Tesla won’t be able to shake itself from California’s Department of Civil Rights lawsuit for racial bias and harassment just yet.
A California judge issued Tuesday evening a tentative ruling denying Tesla’s motion to dismiss the case. Tesla had argued that DCR did not follow proper protocol in its investigations into the automaker’s Fremont factory, which the agency alleges is a racially segregated workplace where Black workers have been subject to mistreatment, harassment, unequal pay and generally a hostile work environment.
While the court tentatively denied the motion, California Superior Court Judge Evelio Grillo, who in June opposed staying the lawsuit, did impose a one-year statute of limitation on the DCR, according to a source familiar with the case. The source said the tentative ruling sets a high bar for the DCR to show that a culture of racism at Tesla’s factory is indeed systematic.
This is a tentative ruling. That means a formal ruling will follow the Wednesday hearing, giving Tesla a chance to change Grillo’s mind before going to trial.
The DCR, formerly the Department of Fair Employment and Housing, originally filed the lawsuit against Tesla in February after collecting “hundreds of complaints from workers” and evidence that there exists rampant segregation and racial harassment and discrimination at Tesla’s Fremont factory. The DCR isn’t in the business of seeking out such complaints. For an investigation to be launched, individual employees would have had to file complaints with the department.
“The issue that’s most present here is that there are repetitive claims of discrimination at the same workplace,” Helen Rella, a lawyer who specializes in commercial litigation and employment law, told TechCrunch. “That’s problematic for Tesla and for employers in general because repetitive claims of discrimination present the suggestion, whether it’s true or not, that there’s a culture of discriminatory conduct in the workplace. But critical to the entire situation is that the employer takes these claims seriously, that they conduct a thorough investigation, and that they take immediate corrective action where that’s warranted based upon the results of any investigation that they do undertake.”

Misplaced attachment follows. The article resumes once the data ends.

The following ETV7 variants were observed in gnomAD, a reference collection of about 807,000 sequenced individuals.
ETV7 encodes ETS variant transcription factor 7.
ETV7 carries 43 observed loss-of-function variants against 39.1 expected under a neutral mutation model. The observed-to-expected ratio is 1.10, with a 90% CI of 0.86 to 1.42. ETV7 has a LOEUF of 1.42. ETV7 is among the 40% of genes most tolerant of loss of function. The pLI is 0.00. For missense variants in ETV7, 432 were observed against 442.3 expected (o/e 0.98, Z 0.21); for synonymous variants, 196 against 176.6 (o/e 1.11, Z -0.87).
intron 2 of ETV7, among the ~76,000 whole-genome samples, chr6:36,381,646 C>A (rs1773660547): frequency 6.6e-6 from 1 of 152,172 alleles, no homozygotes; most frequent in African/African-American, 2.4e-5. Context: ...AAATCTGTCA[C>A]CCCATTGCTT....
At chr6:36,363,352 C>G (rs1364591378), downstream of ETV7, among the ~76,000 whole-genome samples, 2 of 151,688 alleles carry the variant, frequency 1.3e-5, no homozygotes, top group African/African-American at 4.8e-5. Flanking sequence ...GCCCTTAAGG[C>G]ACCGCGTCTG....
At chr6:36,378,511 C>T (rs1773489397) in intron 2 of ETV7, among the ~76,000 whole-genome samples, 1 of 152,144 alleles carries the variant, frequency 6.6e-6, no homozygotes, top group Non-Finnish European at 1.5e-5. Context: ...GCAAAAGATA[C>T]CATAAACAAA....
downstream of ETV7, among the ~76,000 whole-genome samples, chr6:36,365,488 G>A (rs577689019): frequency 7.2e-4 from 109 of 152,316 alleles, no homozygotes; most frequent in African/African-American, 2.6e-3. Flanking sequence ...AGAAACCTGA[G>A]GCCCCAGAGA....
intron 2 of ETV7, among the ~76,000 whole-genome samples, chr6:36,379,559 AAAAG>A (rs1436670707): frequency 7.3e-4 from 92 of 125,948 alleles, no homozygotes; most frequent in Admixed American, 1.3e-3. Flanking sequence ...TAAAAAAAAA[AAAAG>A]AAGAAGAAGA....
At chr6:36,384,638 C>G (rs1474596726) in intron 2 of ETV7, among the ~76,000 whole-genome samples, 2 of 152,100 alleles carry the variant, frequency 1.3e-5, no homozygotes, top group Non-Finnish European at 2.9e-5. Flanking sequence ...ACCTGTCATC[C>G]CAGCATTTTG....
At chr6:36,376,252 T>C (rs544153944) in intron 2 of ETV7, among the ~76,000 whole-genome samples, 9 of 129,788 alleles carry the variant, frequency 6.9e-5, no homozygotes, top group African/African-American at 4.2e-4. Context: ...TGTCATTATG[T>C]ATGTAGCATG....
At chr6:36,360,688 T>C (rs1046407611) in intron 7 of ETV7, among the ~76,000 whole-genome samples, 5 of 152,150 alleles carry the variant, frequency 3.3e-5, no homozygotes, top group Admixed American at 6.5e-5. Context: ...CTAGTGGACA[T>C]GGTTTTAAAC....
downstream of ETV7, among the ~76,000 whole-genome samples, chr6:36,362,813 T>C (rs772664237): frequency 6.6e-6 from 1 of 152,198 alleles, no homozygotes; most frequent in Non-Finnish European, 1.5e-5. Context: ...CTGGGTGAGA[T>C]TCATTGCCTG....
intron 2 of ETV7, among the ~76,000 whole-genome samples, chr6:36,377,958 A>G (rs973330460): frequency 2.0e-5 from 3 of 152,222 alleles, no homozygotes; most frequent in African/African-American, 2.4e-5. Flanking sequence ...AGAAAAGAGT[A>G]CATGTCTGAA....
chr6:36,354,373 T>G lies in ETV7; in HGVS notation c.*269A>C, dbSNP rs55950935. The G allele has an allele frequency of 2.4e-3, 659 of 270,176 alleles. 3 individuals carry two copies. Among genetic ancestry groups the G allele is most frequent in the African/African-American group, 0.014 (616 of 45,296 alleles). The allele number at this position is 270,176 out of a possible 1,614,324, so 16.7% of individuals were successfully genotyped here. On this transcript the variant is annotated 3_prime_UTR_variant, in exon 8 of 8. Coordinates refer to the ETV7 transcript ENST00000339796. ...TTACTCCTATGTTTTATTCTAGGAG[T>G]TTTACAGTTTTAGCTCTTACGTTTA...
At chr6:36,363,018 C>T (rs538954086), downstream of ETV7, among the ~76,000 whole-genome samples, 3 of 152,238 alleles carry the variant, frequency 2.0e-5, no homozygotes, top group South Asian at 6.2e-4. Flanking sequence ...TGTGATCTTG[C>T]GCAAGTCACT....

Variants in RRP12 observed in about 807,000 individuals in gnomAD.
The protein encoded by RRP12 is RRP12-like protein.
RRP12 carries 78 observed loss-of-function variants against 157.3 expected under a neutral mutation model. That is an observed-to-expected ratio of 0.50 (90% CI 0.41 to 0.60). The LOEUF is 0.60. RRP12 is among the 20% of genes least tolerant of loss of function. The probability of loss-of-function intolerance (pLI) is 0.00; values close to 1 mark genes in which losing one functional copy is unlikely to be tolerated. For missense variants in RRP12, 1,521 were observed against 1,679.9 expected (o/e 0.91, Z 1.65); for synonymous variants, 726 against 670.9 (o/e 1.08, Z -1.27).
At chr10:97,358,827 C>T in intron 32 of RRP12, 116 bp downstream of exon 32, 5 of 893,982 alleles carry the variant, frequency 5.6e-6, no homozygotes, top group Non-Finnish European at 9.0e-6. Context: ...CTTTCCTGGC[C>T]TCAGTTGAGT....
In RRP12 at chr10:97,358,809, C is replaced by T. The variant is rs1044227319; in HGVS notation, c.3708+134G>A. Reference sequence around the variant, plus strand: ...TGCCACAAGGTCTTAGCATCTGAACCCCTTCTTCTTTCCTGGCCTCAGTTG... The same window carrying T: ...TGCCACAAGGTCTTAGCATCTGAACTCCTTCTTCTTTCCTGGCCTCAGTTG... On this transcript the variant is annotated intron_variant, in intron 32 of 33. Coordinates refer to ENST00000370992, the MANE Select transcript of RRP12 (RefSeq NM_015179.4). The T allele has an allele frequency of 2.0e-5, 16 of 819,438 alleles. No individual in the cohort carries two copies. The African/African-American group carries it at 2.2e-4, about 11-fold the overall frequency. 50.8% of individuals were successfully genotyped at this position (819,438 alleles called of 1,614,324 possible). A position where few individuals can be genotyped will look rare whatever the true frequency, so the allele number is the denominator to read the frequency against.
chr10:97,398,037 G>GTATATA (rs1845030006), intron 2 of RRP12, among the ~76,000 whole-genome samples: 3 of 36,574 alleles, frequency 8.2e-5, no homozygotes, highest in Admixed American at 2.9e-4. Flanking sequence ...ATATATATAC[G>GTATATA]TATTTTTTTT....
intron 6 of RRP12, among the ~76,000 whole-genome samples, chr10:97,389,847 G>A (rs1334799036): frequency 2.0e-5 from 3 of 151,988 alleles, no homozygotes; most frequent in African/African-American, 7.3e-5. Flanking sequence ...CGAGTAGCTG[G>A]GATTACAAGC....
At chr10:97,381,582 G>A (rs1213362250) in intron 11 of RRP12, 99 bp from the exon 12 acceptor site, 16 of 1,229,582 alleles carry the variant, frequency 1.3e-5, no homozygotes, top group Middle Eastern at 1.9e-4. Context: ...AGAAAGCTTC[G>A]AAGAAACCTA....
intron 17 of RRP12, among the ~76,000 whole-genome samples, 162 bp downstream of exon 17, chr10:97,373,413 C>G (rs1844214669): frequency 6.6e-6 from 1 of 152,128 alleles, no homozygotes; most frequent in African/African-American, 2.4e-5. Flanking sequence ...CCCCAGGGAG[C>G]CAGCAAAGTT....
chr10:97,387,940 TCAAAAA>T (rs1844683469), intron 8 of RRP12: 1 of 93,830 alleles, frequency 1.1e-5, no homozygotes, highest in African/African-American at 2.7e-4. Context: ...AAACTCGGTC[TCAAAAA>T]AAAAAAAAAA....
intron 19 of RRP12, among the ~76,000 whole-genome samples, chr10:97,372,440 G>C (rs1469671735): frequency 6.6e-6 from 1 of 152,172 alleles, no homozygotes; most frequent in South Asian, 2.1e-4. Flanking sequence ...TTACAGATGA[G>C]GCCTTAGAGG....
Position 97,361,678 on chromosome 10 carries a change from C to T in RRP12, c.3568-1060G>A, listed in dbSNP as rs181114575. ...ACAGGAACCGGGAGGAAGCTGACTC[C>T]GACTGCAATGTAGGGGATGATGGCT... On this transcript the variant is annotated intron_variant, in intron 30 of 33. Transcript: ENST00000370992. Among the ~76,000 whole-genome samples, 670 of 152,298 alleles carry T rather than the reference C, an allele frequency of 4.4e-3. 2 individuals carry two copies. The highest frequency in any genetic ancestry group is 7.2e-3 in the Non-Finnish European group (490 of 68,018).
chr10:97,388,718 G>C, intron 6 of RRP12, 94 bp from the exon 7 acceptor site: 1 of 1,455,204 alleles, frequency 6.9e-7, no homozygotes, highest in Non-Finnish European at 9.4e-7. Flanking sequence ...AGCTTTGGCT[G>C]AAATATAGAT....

Tesla did not respond to TechCrunch’s requests for comment. In the past, the automaker has denied any wrongdoing or that there is a hostile work environment at its factory. In a February blog post, the automaker called the DCR’s lawsuit “misguided” and said that the agency has declined to provide Tesla with specific allegations or factual bases for its lawsuit.
Tesla has made repeated moves to both dismiss the DCR’s case against the company and to temper the agency’s authority. In June, Tesla sent a petition to the Office of Administrative Law (OAL) accusing the DCR of failing to conduct proper investigations before filing suit against the automaker. The OAL denied that petition Monday, but said Tesla was free to continue pursuing the matter with the DCR or in court.
One of Tesla’s arguments to discredit the DCR is that the agency adopted “underground regulations,” failing to give Tesla fair notice of an investigation or to help mediate any disputes before going to court.
“It’s not unusual to see these cases mediated and that there’s some agreement that the employer reaches with these administrative bodies in terms of how they’re going to mediate the situation, but that generally involves an acknowledgement on the part of the employer that there was some wrongdoing, that there was a culture of discrimination and something that would justify entering into some sort of remedial action,” said Rella.
However, if the employer is taking the hard line that it has done nothing wrong and there is no culture of discrimination, it makes mediation efforts a bit difficult, Rella added.
“The purpose of mediation is to come to some resolution,” said Rella, noting that in the discrimination arena, that usually means a monetary resolution or the employer agreeing to institute some sort of relevant employee training. “So it’s almost counterintuitive if one side says that they’re not bending at all, because then the only purpose of the mediation would ostensibly be for the one side to convince the other that the position was incorrect.”
The DCR lawsuit isn’t the first time Tesla’s Fremont facility has come under fire for its culture of racism. In 2017, a former plant worker Marcus Vaughn filed a class-action lawsuit against the automaker for failing to investigate complaints that he was repeatedly called the “n-word” by managers and co-workers. That case is still pending, as is the case of Owen Diaz, a former elevator operator at Tesla who is suing for similar racial harassment. Diaz recently rejected a judge’s award of $15 million, which was a massive cut from a previous jury award of $137 million.
This story is developing. Check back in for updates.
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